“I owned a travel agency for 12 years so I kind of know how the business works and how to pick up cheap flights. For instance in May, I was able to go to Panama and Costa Rica with Northern Ireland.

“I had been to all the countries in Central America apart from Nicaragua and El Salvador so I took that opportunity while I was down in Panama to hop over to Nicaragua and El Salvador just so I could say I’d been to every Central American country.”

Stephen said: “I love to travel. I always have. I actually stopped counting but I think I’ve been to something like 115 countries.

“I’ve been to all seven continents, all 50 US states.”

Following Northern Ireland has given him a great excuse to see the world: “The first game I ever saw was a ‘77 qualifier against Holland. That had George Best and Johan Cruyff on the same field.

“My first away trip was when I went to the World Cup in Spain in 1982 with my parents.

“When I owned my travel agency in the 90s I remember going to Bulgaria and we lost 4-3. I also went to the Ukraine with the Under 18s or the Under 21s. If I had an excuse to go I would travel all the time.”

He said: “One of the most bizarre games was in 2010 when I watched Northern Ireland play on a high school field against Turkey in Connecticut on a Wednesday afternoon in this tiny little town called New Britain. There were about 200 people at the game.”

Stephen reckons that until the recent enrolment of five new members of the Green and White Army, he was the only Northern Ireland fan in New Orleans.

He commented: “There was a bloke from Northern Ireland who used to live in New Orleans who was a fan, but he moved back to Killyleagh. I think his mum delivered David Healy. So I’d say I’m more or less on my own now.

“There are other people from Northern Ireland who live in New Orleans, but I’m not aware if they’re fans.

“Whenever Northern Ireland are playing and I go to my local pub it’s usually me on my own sitting there watching the game.

“So now I’ve got five new fans. That puts New Orleans on a par with Donaghadee I think.”

He added: “I didn’t know until I moved there but New Orleans has a rich Irish history. There’s an area called the Irish Channel that was dug by Irish people.”

He said they were used because they were easier and cheaper to replace if they died during the work – which many did.

He said: “The big sport in New Orleans is American Football. My girlfriend has been going to the Saints since she was a little kid. Her family have season tickets. They travel three hours each way from Mississippi to the games.

“For the first 10 years I lived in America I never bothered with it. The last few years I’ve got hooked.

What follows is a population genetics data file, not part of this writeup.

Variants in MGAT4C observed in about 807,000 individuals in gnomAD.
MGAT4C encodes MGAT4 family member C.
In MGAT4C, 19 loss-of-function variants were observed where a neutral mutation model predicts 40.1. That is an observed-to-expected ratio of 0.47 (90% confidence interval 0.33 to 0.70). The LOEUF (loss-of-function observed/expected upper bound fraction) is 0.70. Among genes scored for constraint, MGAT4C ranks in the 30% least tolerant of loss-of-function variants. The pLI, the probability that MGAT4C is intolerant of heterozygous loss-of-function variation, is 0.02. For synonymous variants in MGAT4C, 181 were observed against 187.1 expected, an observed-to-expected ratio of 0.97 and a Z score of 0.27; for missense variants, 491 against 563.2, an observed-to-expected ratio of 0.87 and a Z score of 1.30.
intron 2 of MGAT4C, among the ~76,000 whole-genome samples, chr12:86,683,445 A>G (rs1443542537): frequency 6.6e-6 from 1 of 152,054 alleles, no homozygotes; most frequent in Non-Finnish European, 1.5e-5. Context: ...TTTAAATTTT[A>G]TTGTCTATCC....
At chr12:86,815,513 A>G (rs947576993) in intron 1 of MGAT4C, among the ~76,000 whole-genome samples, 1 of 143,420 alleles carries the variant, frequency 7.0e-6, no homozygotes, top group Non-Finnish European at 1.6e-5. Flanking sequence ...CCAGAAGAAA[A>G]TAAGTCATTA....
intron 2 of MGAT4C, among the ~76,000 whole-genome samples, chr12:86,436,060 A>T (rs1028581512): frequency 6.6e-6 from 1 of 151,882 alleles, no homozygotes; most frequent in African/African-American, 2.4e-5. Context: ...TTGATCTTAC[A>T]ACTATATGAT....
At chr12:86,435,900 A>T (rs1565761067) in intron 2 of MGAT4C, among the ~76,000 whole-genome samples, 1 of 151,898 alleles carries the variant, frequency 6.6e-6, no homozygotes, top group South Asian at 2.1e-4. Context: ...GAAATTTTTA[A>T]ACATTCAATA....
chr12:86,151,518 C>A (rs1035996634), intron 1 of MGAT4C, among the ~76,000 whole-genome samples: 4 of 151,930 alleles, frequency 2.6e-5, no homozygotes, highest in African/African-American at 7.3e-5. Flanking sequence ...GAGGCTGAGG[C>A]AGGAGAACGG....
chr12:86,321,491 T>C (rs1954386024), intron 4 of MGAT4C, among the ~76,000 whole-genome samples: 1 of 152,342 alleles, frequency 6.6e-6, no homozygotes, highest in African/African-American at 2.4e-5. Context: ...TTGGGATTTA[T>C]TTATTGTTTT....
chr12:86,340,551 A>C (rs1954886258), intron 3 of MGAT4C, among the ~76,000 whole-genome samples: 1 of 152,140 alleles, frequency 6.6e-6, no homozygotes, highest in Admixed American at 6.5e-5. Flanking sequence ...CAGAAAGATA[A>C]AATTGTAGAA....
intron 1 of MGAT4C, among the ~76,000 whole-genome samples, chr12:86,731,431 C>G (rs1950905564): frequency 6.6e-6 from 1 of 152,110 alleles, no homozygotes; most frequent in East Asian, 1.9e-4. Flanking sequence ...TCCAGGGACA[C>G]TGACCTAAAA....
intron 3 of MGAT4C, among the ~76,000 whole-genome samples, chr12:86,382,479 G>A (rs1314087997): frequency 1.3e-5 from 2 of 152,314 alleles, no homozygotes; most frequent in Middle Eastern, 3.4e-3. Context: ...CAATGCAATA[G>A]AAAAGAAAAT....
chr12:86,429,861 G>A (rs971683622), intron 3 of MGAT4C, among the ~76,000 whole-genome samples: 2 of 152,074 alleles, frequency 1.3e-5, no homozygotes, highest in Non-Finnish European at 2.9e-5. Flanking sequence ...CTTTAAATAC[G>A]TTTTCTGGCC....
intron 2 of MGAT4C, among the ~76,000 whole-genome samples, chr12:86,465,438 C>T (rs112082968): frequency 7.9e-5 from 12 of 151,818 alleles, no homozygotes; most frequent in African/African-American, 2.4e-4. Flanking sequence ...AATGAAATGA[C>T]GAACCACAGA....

“Soccer is getting more and more popular in the 14 years I’ve lived there. The change has been remarkable.”

For the past 30 years Stephen has counted rock icon Ozzy Osborne as a good friend.

As well as appearing on screen with Ozzy and his son Jack, Stephen contributed a chapter to Ozzy’s official biography Diary of a Madman.

He explained how the friendship came about: “In 1985 Ozzy did a big rock festival in Rio De Janiero called Rock In Rio. I happened to mention to my dad about it one night. My dad loved music and had always wanted to go to Brazil so he encouraged me to find out more.

“My mum wrote to the Ozzy fan club. It was years before the internet. She’d asked for information about how to get tickets.

“The Osbornes’ secretary – who is still one of my best friends all these years later – picked up the letter and called my mum and said, ‘listen, don’t worry about tickets – if you’re going to go all the way from Belfast to Rio, then we’ll look after you’.

“In Rio, we had breakfast with Ozzy and Sharon, we had dinner with them. They gave us backstage passes. I stood at the side of the stage watching the show.”

He added: “We’ve stayed friends since the mid ‘80s. I used to save up my money to go off on America tours for a week or two.

“They would take me on the tour bus, pay for my hotels and finally after a few years they said, ‘we might as well give him a job because he’s around all the time anyway’. I then ended up working for him on tour. That was fantastic, to be paid to travel the world with your hero.”

Of the rock ‘n’ roll lifestyle he claimed: “We would play chess and have a cup of tea and be in bed for 11 every night.”

Stephen appears in the second series of the TV show Ozzy and Jack’s World Detour when they call at his house in New Orleans.

With friends like Ozzy Osborne and a jet-setting lifestyle, Stephen was asked how he stays grounded: “My daughter keeps me right. I turned up one day to pick her up from school with Metallica bass player Robert Trujillo in the car. When she got in the car I said, ‘this is my friend Robert, he’s in a band’ and she just said, ‘meh’.

“I’ve asked her if she wants to go and meet Ozzy and it’s the same reaction. That’s the sort of thing that keeps me grounded.”